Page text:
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Discussion Starter #1
Hi guys!

Am a new member on this forum, and am hoping that the wealth of knowledge and resourcefulness from other members can help with my enquiry and get my car going again.

I have a 2001 806 auto with the 2ltr 16v petrol engine. The car won’t start and has been diagnosed as having a waterlogged ECU. I’m no auto electrician but reading other threads it seems that, if the ECU is beyond repair through water damage, I need to source a replacement and then get it cloned/coded/synched - whatever the correct term is - to my vehicle. Having scoured the internet, I can’t find a new ECU (and guess that, if I did, it would be more expensive than the car’s worth!) but I can find one second-hand on eBay for £100 that has the correct Bosch/Peugeot part numbers: 9632564780/0261204702. A couple of questions:

Is this the right way to go, or are there any specialist breakers in the U.K. who I’d be best trying to source one from?

With the right software, would this then be a relatively straightforward process for an auto electrician to ‘marry’ the replacement ECU to the existing system on the car?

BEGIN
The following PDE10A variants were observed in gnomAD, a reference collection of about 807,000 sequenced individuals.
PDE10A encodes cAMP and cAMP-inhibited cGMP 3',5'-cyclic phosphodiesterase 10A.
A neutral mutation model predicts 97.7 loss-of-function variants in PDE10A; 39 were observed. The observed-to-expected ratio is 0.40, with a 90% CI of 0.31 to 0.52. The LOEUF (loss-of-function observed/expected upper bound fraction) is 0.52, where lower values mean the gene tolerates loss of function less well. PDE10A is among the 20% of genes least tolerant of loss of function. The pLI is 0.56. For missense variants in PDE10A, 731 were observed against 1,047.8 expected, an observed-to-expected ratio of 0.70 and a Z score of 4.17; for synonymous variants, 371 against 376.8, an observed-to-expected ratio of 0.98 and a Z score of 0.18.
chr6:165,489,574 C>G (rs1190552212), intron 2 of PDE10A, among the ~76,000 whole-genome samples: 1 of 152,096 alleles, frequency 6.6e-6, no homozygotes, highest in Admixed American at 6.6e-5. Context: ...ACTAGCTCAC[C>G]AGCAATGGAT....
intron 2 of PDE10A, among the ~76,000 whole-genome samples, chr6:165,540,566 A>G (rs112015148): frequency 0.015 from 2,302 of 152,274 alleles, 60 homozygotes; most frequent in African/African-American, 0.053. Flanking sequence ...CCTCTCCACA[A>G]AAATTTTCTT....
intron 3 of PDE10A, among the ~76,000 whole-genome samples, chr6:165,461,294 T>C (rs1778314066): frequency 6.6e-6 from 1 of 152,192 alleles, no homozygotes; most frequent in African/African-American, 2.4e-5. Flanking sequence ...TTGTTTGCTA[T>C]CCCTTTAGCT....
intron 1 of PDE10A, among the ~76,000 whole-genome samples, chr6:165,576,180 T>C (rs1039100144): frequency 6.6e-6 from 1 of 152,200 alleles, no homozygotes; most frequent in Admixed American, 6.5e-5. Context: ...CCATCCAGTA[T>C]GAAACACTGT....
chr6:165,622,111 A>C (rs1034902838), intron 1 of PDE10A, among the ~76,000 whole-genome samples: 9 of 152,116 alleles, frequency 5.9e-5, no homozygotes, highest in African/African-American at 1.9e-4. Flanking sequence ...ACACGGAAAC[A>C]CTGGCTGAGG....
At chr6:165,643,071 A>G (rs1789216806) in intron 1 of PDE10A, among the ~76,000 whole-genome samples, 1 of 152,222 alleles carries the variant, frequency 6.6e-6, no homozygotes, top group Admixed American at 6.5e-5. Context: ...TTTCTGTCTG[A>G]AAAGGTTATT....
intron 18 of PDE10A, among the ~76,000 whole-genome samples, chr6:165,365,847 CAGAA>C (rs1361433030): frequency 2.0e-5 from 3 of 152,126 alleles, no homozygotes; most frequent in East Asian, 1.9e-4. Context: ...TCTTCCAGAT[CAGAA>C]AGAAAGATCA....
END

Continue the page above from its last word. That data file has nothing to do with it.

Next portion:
Am I missing anything, or are any other parts required to fix this issue?

Thanks in advance for any pointers or advice on this 👍🙂
 

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Not sure on how easy it would be to get the replacement ecu to work. Which ecu are we talking about? The engine fusebox on the 807 wasn't coded but the engine ecu is.
Are you sure of the disgnosis? Generally it is the wiring that suffers damage from water on plugs etc or breaks due to too much tension, ecu's rarely fail.
If you are sure of the diagnosis what about sending it away for repair (though 60% of the time they are reported as being fine by the specialist for the reasons just stated), at least you will get a guarantee and there won't be any programming issues.
 

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The easiest route is to buy an ECU/BSI/key kit. You then swap out the BSI and ECU and replace the chip in your key with the new one. You can do this yourself. This assuming your ecu IS waterlogged/fubar. If it is, you may also have wiring damage so you would be advised to check the wiring/plug for damage. It may also only be wiring damage as wynb suggests as the ecu is normally quite watertight.

You may then need to get someone with PP2000 reprogram the BSI if the car you get the replacement from has a different trim spec to yours, but the car will run regardless.

Be aware that the mileage on your cluster may change if the new BSI/ECU has a higher mileage stored on it, it will then match the higher mileage from the replacement kit.

If you need reprogramming, check for someone near you on the PP2000 map HERE.